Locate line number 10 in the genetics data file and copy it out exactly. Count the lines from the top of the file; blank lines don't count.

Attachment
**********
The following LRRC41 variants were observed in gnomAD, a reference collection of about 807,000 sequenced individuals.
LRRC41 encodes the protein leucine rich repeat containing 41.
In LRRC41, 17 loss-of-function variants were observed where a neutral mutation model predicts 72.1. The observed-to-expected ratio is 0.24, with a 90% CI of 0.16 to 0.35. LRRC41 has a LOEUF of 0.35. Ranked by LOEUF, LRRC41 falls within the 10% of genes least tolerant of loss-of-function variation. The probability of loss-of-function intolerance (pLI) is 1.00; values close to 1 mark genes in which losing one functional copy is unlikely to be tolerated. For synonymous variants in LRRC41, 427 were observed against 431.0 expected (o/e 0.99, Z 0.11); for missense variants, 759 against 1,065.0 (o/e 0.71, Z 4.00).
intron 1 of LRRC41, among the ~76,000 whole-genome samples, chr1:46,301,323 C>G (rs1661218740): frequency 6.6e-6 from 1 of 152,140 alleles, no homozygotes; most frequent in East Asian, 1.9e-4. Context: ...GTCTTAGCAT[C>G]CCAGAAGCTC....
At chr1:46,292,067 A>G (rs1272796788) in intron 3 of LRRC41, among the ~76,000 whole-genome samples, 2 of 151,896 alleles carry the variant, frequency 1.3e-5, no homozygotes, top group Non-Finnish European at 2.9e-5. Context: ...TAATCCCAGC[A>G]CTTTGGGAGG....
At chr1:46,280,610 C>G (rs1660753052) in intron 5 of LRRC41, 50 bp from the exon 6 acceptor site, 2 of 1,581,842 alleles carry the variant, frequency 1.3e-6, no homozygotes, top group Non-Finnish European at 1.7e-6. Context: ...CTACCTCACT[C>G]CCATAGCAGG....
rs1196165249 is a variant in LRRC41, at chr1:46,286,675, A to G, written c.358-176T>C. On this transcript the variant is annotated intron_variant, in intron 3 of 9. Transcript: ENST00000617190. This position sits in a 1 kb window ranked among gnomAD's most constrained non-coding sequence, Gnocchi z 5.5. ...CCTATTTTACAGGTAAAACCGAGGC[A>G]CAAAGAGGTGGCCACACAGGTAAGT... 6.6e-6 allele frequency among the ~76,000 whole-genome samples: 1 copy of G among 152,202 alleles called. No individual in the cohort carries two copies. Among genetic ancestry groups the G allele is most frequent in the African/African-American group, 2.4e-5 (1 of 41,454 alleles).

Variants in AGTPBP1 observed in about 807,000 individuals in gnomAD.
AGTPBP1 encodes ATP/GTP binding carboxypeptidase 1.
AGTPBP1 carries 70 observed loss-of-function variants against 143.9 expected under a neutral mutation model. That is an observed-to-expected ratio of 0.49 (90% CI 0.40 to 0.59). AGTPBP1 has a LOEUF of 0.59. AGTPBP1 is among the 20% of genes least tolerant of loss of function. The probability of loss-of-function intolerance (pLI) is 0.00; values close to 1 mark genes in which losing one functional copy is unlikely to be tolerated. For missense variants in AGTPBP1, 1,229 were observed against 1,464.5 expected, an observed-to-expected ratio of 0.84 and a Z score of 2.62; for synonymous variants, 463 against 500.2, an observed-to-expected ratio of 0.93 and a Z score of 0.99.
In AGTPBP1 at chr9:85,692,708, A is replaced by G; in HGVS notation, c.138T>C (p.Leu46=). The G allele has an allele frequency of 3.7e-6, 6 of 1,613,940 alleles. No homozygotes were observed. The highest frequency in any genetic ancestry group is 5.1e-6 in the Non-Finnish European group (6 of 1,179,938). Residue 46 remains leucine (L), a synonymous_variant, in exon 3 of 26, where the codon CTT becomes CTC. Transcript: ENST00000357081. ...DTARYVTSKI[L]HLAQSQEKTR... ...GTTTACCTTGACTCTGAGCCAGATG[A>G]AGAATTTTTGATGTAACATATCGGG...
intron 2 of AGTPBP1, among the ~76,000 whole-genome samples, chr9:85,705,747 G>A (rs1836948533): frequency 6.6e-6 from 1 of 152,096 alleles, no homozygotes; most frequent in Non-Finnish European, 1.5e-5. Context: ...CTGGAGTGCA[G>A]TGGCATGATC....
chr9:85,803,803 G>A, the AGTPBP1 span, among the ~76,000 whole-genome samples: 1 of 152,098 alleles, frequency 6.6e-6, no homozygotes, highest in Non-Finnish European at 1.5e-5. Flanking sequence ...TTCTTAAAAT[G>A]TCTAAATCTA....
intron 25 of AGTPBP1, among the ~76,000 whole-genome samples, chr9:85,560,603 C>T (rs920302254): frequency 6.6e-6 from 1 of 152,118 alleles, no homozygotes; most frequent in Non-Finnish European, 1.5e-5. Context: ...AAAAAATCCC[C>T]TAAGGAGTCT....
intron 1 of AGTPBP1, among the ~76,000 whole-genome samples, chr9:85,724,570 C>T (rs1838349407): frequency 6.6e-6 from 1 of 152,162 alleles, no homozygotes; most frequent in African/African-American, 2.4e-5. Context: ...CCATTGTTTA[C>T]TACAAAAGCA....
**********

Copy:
AGTPBP1 carries 70 observed loss-of-function variants against 143.9 expected under a neutral mutation model. That is an observed-to-expected ratio of 0.49 (90% CI 0.40 to 0.59). AGTPBP1 has a LOEUF of 0.59. AGTPBP1 is among the 20% of genes least tolerant of loss of function. The probability of loss-of-function intolerance (pLI) is 0.00; values close to 1 mark genes in which losing one functional copy is unlikely to be tolerated. For missense variants in AGTPBP1, 1,229 were observed against 1,464.5 expected, an observed-to-expected ratio of 0.84 and a Z score of 2.62; for synonymous variants, 463 against 500.2, an observed-to-expected ratio of 0.93 and a Z score of 0.99.